Because their interest is less than rapt, I have stopped giving my sons most things I write, even things I publish, and I long ago stopped telling them what I read — the two areas of my life that most reveal an interior which cannot otherwise be seen. Perhaps my sons and I are typical of parents and children in this era. My friends, I have noticed, are much more interested in their children than their children are interested in them. Perhaps it is inevitable that parents become back issues, while the young are current issues just out on the newsstands. The young do not yet know that most inflexible rule of the world: one day we are all back issues. The truth of King Lear and Sunset Boulevard has not yet come into their ken.
So that I might give my sons and their children and their children’s children something of their ancestors — their genetic back issues, as it were — and something of myself before I go, a few years ago I undertook to scan into my computer photographs of my mother and father and their mothers and fathers and their mothers and fathers, a line that ends in tintypes of the late 19th century. The photos are all black-and-white, some so radiant and composed they are works of art fit for a museum. Each conjures a time and place different from our own. These images of picnics and road trips, visits of relatives, and hours spent in living rooms and on back porches speak of a slower time and more intimate communication, of conversations gradually percolating up in speakers and seeping into listeners rather than the instant messages of the Internet and cell phones.
Three of these images have become favorites. The earliest is a 120-year-old tintype of my mother’s mother’s mother. A black halo borders the photograph. In the center stands a young woman with perfect posture wearing a billowing dark dress that goes to the floor. Her right hand is resting on a wicker chair; her gaze is past my left shoulder. She is a beautiful woman with clear eyes and a tiny waist. But I know only two things about her: She died at age 30 and her husband was an alcoholic unable to care well for my grandmother and her brothers. Though she stands alive and stunning in this photo, the story of her life disappeared with her and my grandmother, in part because I did not think to ask about her.
The next image was taken in the early 1930s. In the center foreground my father, about age 20, is seated beside his father. My father’s arms are wrapped loosely but lovingly around my grandfather. Both are looking straight at the camera. A cigarette dangles from my father’s mouth; a cigar from my grandfather’s. Behind them we see the passenger side of an automobile. An unidentified woman stands on the car’s running board, her arm around a woman standing on the ground. A man sits on the car’s right front fender. His legs are crossed. All three are looking directly into the camera.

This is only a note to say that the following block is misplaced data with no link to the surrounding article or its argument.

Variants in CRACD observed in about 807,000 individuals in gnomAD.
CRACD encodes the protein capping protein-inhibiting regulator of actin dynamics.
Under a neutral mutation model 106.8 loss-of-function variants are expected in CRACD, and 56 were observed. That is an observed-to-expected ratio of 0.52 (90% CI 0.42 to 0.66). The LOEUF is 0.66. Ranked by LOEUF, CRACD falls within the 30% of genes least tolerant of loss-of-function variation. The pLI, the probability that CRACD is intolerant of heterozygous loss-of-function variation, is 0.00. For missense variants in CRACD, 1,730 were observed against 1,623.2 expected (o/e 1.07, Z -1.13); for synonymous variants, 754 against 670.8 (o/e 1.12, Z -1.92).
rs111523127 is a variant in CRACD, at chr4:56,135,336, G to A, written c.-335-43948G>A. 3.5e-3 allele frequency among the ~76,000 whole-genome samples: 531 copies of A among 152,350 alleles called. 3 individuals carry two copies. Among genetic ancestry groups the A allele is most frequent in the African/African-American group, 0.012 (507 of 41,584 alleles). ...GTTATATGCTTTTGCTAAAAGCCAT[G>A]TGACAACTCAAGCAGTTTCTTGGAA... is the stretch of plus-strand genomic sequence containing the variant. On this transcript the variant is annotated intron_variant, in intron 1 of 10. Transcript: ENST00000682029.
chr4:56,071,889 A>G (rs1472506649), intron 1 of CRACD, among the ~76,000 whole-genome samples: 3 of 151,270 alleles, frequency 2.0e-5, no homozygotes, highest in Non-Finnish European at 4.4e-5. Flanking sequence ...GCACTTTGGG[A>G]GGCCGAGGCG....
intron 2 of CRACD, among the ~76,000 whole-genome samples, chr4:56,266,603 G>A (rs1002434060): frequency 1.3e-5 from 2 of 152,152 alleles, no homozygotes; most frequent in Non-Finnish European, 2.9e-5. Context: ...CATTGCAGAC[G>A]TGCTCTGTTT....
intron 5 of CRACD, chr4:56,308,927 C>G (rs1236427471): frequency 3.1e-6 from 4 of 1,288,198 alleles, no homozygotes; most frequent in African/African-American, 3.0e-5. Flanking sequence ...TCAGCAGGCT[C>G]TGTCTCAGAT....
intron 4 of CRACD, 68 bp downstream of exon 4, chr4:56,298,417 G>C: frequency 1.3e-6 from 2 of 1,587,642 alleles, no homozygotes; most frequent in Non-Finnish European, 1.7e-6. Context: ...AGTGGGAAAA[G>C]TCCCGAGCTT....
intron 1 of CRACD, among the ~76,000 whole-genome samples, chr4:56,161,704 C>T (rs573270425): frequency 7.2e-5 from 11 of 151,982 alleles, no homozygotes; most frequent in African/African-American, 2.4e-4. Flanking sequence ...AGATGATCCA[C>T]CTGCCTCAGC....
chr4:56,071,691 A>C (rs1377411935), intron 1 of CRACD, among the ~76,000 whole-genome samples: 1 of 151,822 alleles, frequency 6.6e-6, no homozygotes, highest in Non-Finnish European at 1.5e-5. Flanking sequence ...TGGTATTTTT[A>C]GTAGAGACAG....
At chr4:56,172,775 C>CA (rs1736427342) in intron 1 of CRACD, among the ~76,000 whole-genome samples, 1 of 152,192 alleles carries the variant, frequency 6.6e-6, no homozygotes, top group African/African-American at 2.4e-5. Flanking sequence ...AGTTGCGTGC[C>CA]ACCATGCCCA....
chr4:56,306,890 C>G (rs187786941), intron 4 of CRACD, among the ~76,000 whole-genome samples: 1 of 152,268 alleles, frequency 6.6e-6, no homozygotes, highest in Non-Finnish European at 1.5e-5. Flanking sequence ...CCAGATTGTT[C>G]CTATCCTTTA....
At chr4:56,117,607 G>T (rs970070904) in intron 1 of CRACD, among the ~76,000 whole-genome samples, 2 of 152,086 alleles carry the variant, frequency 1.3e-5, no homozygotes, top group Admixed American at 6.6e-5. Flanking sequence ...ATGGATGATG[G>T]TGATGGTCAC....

At the right of the photo is something I never before paid attention to, a picnic table laid with food and white napkins. The table’s setting is so artfully casual it could be in a painting by Cézanne.
Any artist with a camera — Robert Frank and Lee Friedlander come to mind — would be thrilled to have this photograph in his portfolio, yet it was taken with the simplest of cameras on the spur of the moment. The moment speaks of a son’s love for his father, an unembarrassed intimacy between them, and a long-ago idyllic summer afternoon that would be lost to time but for this photograph.
Yet what do I know of this grandfather? That he came with his parents from Sicily when he was about 13, that he earned his living as a barber, that he died at 63 of a heart attack outside his barbershop door, and that when my father quit high school in 1930 or ’31 and did not look for a job for several weeks, one night over dinner he told my father that his plate was cracked and that the next day it would be broken if he did not get a job. Without a job, he would have no more meals in that house. That is all I know of my grandfather — because I did not ask questions when I could.
The last image was taken in the summer of 1952, the summer my father bought his first boat, a Chris-Craft from the 1930s, for $500. Over the following winter he overhauled the engine, refinished the hull, reupholstered the cockpits and replaced dry-rotted bottom planks.
But my father does not appear in this photo. Just my mother and I are seated on the deck of the boat, our legs dangling down into the front cockpit. The boat is at dock, pointed toward the beach of Ed Mirabella’s resort on Diamond Lake, where our family spent every weekend that and the following summer. My mother is looking at me and I am looking directly into the camera, squinting slightly from the sun. My mother is in her mid-30s, still a beautiful woman with fine features. I am only 12 and would never look better in a photograph the rest of my life. My hair, which my father cut until I was 15 or 16, is just beyond a crew-cut and shines blonde in the sun.